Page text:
Failure is Not an Option but All-Too Often Is ! — Critical Speaking & Presentation Tips from “Highest Scores” Ever Presenter

Smile !

By Thomas B. Cross @techtionary

This article represents more than thirty years and giving more than thousand presentations to audiences, classes and executives.  I am really tired of going to meetings, webinars, classes, speeches and more when the presenter is so tired, scared, dumb or ill-prepared to walk a dog much less than give a presentation that is worth listening to.  If you want to give a great speech, it’s really simple, keep rehearsing until you do and then work on improving that.  All the webinar, audio/video conferencing, projector manufacturers along with those who portend to know how to run a meeting all focus on the agenda, participation, collaboration, scheduling and others aspect of the meeting rather than the presenter(s) and others who are running and otherwise leading the meeting.  I dedicate this to Martha Reeves and the Vandellas great song, “Nowhere to run, nowhere to hide” as if you are giving the speech, leading, a meeting or wanting to inspire a nation, then it’s up to you take it on, weigh into the battle and go to win.  If you read these tips and then really use then, add some of you your own, you will never fail !

 

Smile and Smile Often

Personal Appearance and Voice Preparation Tips for Live or Online Presentations

Aside from rehearse and rehearse again, so you know the slides and the flow so not to have any surprises and be able to pace yourself based on the length of the presentation, here are more tips for your consideration:

– Do a short rehearsal of key points as well as slides you may not really know well so you can make sure your answers are succinct

– NEVER-EVER say om, ah, dah, so or other in-between words, just pause remember it gives the listener time to digest your words in their mind.  If you stumble or stutter they will think you are an ….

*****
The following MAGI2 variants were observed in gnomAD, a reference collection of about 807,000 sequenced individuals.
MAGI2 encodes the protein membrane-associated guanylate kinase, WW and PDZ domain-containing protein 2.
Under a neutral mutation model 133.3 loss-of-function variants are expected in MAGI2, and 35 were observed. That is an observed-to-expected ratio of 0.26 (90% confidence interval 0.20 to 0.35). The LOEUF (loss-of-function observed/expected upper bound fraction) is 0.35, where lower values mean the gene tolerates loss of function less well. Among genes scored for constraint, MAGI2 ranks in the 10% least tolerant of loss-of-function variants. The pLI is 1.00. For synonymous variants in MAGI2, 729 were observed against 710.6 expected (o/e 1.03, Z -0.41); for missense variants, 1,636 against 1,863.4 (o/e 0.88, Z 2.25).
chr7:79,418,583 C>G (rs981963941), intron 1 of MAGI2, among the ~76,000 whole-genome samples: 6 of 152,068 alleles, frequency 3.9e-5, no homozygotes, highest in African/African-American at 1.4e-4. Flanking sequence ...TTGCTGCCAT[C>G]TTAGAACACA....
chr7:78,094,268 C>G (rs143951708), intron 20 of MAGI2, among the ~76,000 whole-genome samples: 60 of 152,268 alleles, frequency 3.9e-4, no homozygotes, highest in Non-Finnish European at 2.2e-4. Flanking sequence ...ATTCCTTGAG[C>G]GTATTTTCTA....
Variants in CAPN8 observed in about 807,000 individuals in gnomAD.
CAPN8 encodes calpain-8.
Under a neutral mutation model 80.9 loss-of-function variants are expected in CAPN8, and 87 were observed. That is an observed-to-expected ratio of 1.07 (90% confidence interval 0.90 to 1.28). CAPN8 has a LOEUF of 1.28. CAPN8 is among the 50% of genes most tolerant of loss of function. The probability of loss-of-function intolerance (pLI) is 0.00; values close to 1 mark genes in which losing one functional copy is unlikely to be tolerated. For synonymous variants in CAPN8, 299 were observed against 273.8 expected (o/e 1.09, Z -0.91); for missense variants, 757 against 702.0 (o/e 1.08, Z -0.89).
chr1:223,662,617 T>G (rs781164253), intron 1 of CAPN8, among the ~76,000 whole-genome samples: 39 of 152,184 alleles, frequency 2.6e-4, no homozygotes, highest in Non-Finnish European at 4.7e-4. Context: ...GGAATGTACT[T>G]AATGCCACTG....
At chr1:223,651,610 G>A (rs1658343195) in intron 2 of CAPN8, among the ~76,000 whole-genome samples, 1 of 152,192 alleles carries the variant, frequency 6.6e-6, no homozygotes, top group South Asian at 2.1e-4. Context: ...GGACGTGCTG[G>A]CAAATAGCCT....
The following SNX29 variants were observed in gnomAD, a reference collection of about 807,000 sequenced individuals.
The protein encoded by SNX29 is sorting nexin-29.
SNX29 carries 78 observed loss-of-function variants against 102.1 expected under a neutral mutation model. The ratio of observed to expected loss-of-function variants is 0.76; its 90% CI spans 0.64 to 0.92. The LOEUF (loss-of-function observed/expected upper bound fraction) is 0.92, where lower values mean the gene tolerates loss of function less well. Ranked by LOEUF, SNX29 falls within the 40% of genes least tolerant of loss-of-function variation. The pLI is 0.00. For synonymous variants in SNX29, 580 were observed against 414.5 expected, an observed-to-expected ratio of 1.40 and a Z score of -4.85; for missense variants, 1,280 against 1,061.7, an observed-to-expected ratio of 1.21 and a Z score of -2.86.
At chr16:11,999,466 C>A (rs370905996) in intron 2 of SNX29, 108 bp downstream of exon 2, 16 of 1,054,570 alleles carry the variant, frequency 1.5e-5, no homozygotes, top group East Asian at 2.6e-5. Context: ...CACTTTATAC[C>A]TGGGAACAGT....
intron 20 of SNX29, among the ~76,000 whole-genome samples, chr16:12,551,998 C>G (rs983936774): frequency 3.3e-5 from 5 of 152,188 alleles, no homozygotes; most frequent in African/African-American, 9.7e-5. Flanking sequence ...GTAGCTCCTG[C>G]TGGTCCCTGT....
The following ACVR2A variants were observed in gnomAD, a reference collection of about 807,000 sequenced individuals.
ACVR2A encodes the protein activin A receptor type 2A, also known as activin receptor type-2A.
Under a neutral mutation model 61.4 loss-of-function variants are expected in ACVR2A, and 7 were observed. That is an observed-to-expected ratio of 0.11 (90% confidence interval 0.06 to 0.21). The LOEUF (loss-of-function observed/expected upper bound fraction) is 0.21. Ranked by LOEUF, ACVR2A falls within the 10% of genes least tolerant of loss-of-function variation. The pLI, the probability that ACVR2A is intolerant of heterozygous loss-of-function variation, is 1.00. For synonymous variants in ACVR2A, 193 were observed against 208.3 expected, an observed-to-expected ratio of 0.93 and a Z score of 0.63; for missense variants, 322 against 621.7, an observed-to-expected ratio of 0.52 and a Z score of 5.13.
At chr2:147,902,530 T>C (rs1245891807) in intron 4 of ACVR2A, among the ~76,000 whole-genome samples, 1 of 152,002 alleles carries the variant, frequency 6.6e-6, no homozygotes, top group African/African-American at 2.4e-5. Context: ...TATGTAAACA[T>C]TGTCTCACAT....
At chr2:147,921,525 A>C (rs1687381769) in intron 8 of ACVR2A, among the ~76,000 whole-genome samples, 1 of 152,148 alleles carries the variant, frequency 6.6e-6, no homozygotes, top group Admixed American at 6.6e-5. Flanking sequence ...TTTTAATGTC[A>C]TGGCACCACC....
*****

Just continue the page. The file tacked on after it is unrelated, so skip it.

– Go stand in front of a mirror and smile and smile and check your smile again

– Give yourself a face massage

– Stretch your neck to relax the muscles

– Yawn a lot to open up the neck

– Try tongue pushups-stretches

– Meditate before class and between sessions

– Start thinking of key words to help you strengthen your voice

– Talk up and out rather than down and back

– Take all the coins, keys and anything else out of your pockets and the pens in your pockets

Breathing – Take a deep breath which you press the slide change button, this helps cool the body, helps you relax a little, gets you to slow down a little, while you have seen the slides before, these people have never seen the slide before, so taking a breath allows the slide to come up and let the student see the slide.

For live presentations, check your appearance closely in the mirror and repeat after any meal. Never-ever lose control of yourself or the class – “claaass” – if you do and it happens, then take the class break and visit with the person challenging you or causing the problem.

Last but certainly not least, have a great time, smile all the time and even if you are scared to death, never-ever show it and just smile as they won’t hate you if they like you.

The following is about training classes conducted to over 3,000 students in sales, technical skills and technical sales.  If you want help in preparing yourself for a webinar, training class or building training classes, email cross@gocross.com

 

Some of the follow suggestions and recommendations are more appropriate for live presentations rather than webinar but I think you will know when to use which one.